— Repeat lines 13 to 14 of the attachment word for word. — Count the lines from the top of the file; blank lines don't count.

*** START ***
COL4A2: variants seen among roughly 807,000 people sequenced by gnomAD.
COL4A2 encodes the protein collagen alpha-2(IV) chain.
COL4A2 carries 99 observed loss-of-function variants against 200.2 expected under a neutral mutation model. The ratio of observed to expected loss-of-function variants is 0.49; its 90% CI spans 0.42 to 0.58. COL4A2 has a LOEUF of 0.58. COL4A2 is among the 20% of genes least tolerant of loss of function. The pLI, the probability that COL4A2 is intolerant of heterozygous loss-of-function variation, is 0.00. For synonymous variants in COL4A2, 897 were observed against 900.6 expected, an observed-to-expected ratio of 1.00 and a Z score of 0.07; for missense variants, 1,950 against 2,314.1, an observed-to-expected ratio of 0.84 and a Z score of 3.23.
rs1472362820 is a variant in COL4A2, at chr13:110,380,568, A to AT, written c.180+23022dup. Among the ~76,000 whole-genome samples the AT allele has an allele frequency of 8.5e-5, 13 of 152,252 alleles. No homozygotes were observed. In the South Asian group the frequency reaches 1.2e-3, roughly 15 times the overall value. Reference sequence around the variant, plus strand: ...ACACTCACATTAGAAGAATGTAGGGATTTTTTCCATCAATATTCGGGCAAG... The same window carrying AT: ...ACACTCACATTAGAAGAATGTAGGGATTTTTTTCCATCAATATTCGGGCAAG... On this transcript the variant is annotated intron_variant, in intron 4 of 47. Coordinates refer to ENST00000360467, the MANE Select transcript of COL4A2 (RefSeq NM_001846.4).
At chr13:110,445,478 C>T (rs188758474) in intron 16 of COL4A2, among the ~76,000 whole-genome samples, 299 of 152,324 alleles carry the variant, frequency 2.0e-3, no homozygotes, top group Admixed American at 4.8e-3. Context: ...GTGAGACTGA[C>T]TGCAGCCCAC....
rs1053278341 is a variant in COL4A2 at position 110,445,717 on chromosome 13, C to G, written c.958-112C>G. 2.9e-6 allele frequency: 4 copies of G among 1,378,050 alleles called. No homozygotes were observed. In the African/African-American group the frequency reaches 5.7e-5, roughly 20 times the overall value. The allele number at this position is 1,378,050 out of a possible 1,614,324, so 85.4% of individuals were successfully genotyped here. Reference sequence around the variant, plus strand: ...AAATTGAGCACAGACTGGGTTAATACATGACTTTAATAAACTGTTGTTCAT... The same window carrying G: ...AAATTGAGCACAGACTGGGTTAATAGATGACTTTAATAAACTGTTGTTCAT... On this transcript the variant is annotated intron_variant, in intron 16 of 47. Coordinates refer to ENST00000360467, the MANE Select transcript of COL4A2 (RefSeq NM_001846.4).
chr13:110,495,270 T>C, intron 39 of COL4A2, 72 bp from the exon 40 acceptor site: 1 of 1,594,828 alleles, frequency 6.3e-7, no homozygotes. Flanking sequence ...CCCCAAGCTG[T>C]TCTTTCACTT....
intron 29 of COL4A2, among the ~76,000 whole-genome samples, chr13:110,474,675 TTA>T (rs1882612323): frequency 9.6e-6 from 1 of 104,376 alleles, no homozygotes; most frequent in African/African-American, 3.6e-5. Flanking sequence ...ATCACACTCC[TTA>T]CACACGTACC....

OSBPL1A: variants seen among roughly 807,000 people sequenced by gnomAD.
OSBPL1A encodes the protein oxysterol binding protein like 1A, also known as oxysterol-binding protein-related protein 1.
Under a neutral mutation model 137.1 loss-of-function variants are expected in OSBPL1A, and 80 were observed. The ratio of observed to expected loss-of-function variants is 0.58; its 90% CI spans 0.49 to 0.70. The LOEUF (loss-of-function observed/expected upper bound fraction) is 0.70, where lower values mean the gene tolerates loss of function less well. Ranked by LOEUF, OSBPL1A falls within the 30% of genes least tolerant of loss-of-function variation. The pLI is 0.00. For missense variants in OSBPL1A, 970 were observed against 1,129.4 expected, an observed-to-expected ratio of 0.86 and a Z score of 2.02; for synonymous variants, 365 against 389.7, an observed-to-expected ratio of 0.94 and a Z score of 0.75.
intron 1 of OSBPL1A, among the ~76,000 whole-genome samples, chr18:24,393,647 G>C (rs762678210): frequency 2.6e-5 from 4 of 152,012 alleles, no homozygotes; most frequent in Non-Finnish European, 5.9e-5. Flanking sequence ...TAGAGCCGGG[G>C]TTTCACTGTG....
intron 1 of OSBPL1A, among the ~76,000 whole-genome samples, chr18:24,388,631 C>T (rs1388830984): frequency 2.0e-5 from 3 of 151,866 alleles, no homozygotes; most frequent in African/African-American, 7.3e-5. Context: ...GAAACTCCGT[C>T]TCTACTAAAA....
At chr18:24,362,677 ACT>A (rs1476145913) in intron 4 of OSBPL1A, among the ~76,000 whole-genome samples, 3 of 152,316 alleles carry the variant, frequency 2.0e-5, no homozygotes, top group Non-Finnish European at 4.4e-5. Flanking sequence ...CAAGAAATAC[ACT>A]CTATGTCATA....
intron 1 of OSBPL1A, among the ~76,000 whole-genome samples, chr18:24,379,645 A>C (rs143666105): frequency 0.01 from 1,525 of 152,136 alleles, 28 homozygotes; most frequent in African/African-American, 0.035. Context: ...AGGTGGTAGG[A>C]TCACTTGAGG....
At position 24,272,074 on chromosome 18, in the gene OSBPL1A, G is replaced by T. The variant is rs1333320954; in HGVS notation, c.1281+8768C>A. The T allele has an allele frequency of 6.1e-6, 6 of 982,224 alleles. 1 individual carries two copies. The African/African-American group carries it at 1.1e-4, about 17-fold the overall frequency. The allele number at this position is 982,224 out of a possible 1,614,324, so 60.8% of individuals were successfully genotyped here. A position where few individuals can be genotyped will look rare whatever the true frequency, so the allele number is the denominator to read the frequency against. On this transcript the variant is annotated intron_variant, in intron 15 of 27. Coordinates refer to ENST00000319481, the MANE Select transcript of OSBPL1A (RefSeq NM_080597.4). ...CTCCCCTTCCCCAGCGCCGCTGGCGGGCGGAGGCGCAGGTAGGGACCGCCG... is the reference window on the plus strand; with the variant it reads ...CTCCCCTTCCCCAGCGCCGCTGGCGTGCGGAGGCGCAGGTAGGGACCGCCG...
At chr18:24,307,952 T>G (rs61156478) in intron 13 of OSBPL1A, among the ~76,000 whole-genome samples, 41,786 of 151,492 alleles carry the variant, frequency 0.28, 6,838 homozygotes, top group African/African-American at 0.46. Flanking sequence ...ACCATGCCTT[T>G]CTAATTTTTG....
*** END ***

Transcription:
intron 1 of OSBPL1A, among the ~76,000 whole-genome samples, chr18:24,388,631 C>T (rs1388830984): frequency 2.0e-5 from 3 of 151,866 alleles, no homozygotes; most frequent in African/African-American, 7.3e-5. Context: ...GAAACTCCGT[C>T]TCTACTAAAA....
At chr18:24,362,677 ACT>A (rs1476145913) in intron 4 of OSBPL1A, among the ~76,000 whole-genome samples, 3 of 152,316 alleles carry the variant, frequency 2.0e-5, no homozygotes, top group Non-Finnish European at 4.4e-5. Flanking sequence ...CAAGAAATAC[ACT>A]CTATGTCATA....